By John Revill
ZURICH (Reuters) - A radical plan to transform Switzerland's financial landscape by barring commercial banks from creating money when they lend looked set to fail, according to initial projections on Sunday.
Some 75 percent of voters had rejected the so-called Sovereign Money initiative according to initial forecasts from pollsters gfs.Bern. A final result is expected around 1500 GMT.
Concerns about the potential risks to the Swiss economy by introducing a "vollgeld" or "real money" system appear to have convinced voters to reject the proposals.
"We are pleased, this would have been an extremely damaging initiative," said Heinz Karrer, president of business lobby Economiesuisse.
The vote, called under Switzerland's system of direct democracy after gathering more than 100,000 signatures, wanted to make the Swiss National Bank (SNB) the only body authorised to create money in the country.
Contrary to common belief, most money in the world is not produced by central banks but is instead created by commercial lenders when they lend beyond the deposits they hold for savers.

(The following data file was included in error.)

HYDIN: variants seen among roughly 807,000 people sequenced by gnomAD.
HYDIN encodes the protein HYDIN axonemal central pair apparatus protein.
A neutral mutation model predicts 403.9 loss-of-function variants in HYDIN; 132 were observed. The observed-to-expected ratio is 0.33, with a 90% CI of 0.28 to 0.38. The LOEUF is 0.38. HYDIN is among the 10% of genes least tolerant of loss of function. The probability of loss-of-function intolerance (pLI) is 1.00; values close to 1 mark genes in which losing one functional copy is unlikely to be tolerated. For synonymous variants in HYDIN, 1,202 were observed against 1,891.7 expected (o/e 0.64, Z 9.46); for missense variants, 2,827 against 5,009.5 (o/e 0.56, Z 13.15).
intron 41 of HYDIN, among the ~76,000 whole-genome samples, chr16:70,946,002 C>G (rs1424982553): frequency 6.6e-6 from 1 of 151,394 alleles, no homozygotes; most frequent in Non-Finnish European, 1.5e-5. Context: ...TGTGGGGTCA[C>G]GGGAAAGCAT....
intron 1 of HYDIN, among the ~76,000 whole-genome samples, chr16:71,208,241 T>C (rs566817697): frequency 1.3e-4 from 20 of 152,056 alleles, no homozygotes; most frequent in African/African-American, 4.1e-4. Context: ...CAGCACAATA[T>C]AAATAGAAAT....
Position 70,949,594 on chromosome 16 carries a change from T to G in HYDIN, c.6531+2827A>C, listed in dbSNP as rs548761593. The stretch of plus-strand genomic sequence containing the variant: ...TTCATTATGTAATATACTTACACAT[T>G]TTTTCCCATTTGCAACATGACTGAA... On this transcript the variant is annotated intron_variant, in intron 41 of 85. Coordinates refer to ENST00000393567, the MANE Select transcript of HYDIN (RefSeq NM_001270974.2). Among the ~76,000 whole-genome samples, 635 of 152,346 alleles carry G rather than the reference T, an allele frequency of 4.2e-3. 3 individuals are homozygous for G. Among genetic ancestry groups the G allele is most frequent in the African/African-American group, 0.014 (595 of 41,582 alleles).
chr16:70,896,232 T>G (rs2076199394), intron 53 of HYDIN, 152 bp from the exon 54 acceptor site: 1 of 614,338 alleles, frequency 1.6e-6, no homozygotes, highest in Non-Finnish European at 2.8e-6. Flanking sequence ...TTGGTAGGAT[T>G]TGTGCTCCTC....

This arrangement, underpinned by the belief that most debts will be repaid, has been a cornerstone of the global capitalist system but opponents say it is unstable because the new money created exceeds economic growth.
If approved Switzerland, famed for its banking industry, would have been the first country in the world to introduce such a scheme, leading opponents to brand the plan as a dangerous experiment which would damage the economy.
The plan, if accepted could have had repercussions beyond Switzerland's borders by removing a practice which underpins most of bank lending in the world.
Support for reform had grown in the wake of the 2008 economic crisis, with campaigners saying their ideas would make the financial system more secure and protect people's savings from bank runs.
Herbert Scheidt, chairman of the Swiss Bankers Association, said the financial sector had shown humility since the crisis, and the system had been made "very secure."
"The arguments we had against the initiative, that it would upend the entire monetary system, convinced the public," he told Swiss broadcaster SRF."
Campaigners said they would continue to work on raise their concerns, despite their support slipping to 25 percent from 42 percent earlier this year.
"The discussion is only just getting started," said campaign spokesman Raffael Wuethrich. "Our goal is that money should be in the service of the people and not the other way around and we will continue to work on it."
(Reporting by John Revill, additional reporting by Angelika Gruber; Editing by Keith Weir)
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